The EU on Monday proposed easing Covid-19 restrictions for fully vaccinated tourists or those from countries where infection rates are low.
The move would kick-start summer holidays in Europe and provide some respite for beleaguered travel operators throughout the region.
It’s “time to revive the EU tourism industry and for cross-border friendships to rekindle – safely,” European Commission President Ursula von der Leyen said.
Europe is showing signs of gaining control of its third wave thanks to lockdowns and its stuttering vaccination drive gaining momentum.
The proposals require approval from a weighted majority of the bloc’s 27 member states and could be adopted as soon as the end of May, a commission official said.
How new EU travel restrictions will work
The new parameters would replace a year-long blanket ban for non-essential travel to the EU for residents of all but a handful of countries.
Under the proposals, member states would be obliged to accept proof for all shots approved in the EU, including those produced by Pfizer, AstraZeneca, Moderna and Johnson & Johnson.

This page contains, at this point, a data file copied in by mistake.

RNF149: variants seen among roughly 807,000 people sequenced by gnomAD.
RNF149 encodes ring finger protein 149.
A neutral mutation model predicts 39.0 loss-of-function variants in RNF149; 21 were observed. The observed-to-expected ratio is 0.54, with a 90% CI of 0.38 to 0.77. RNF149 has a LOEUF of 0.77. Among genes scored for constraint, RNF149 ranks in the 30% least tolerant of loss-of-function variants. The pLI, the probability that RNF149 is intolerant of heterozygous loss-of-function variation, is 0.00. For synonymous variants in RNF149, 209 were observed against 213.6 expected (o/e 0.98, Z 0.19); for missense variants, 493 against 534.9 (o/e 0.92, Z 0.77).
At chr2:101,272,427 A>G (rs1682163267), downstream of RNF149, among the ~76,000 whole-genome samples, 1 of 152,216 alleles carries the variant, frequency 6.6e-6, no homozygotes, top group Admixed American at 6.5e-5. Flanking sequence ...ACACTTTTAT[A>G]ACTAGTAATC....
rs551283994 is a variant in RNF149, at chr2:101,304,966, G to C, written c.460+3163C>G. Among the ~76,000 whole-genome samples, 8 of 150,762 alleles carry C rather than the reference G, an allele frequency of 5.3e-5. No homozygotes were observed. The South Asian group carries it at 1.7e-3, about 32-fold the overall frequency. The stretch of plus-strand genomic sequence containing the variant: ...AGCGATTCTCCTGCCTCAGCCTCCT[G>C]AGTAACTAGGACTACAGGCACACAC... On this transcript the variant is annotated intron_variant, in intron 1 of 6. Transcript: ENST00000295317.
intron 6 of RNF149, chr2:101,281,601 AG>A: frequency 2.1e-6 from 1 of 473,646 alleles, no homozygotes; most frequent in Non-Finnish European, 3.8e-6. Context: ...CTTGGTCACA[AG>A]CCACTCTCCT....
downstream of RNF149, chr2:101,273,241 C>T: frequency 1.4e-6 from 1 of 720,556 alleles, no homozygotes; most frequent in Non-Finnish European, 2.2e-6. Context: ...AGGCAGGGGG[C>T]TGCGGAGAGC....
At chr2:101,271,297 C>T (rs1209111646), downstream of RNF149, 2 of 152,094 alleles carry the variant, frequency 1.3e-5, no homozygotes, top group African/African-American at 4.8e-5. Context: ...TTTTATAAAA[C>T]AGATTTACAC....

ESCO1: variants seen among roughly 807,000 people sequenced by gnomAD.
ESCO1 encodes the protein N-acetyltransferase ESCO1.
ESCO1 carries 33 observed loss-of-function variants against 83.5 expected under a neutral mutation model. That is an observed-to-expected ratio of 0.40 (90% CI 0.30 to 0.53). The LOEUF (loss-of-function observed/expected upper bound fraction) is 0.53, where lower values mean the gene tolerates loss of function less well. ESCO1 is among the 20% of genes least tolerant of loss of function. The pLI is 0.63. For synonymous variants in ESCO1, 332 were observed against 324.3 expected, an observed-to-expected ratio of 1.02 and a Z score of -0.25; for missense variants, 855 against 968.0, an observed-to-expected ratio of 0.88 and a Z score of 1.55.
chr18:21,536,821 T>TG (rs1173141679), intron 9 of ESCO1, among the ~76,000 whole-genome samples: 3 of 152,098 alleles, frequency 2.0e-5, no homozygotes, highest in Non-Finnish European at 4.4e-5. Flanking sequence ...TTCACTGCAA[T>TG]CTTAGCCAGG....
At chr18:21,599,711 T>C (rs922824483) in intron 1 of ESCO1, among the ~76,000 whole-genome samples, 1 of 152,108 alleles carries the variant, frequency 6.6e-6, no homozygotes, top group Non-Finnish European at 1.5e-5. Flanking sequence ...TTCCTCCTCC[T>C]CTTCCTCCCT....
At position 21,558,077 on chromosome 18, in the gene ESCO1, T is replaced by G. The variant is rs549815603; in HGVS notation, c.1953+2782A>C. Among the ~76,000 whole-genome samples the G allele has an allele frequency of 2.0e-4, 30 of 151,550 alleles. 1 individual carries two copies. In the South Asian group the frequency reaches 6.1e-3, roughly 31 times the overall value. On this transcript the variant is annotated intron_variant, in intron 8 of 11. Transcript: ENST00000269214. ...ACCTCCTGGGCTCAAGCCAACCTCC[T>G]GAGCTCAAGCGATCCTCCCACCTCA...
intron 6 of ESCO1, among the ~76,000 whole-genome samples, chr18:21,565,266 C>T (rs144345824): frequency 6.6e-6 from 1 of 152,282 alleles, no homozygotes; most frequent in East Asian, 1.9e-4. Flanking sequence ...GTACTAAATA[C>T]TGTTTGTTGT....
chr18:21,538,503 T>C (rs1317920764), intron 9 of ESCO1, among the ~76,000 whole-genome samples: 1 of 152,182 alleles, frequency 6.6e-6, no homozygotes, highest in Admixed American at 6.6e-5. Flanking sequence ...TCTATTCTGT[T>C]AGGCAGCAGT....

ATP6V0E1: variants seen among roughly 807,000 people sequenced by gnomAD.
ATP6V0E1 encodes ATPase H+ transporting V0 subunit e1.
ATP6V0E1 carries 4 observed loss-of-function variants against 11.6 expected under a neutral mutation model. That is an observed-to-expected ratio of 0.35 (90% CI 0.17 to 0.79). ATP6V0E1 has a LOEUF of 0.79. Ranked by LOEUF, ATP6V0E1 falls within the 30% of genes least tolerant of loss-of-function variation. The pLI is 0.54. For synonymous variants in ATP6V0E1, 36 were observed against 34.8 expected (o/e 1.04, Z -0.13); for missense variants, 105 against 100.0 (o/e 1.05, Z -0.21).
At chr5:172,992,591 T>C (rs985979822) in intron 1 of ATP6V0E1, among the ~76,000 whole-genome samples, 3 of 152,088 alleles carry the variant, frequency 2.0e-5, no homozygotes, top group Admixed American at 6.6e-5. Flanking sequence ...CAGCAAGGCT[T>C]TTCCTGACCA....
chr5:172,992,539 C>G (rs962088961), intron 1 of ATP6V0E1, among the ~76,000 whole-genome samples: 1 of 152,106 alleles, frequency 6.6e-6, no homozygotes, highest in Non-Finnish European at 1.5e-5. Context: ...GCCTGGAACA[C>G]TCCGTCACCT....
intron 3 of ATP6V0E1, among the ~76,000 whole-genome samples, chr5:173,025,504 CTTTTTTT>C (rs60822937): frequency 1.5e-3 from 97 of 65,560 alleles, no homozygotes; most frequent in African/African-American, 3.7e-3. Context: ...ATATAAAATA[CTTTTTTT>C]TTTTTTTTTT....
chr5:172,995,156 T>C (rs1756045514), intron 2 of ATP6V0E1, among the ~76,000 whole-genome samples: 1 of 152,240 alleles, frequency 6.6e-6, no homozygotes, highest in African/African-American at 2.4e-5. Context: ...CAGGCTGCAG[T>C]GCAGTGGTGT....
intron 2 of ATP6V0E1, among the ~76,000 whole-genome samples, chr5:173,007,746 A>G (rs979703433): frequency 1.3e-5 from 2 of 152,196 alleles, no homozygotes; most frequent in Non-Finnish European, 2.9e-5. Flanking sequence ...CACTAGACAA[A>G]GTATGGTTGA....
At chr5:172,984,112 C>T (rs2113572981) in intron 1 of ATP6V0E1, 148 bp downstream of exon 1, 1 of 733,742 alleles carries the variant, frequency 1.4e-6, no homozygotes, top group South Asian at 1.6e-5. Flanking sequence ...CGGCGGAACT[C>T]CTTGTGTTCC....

National governments would have the discretion to accept shots that have cleared the WHO emergency use listing process, but they can’t recognise other vaccines on their own.
This means people inoculated with Russia’s Sputnik or the Sinopharm and Sinovac shots from China would not be allowed to travel freely to the EU solely based on their immunisation status.
The new rules include a so-called emergency brake which would allow member states to restore travel bans on countries where risky new variants emerge or contagion rates surge.
In such an event only essential workers, such as diplomats and healthcare staff, would be allowed entry, and even then they would be subject to strict testing and quarantine requirements.
A commission official told reporters in Brussels that Israel would definitely be on the list, while decisions on UK residents would depend on reciprocity, adding further intrigue to the UK's yet-to be-released green travel list.
The commission will draw up a list of approved vaccination certificates issued by non-EU countries.
Discussions with Washington aim to pave the way for a uniform certificate that meets the EU’s security and accuracy standards, the commission official said.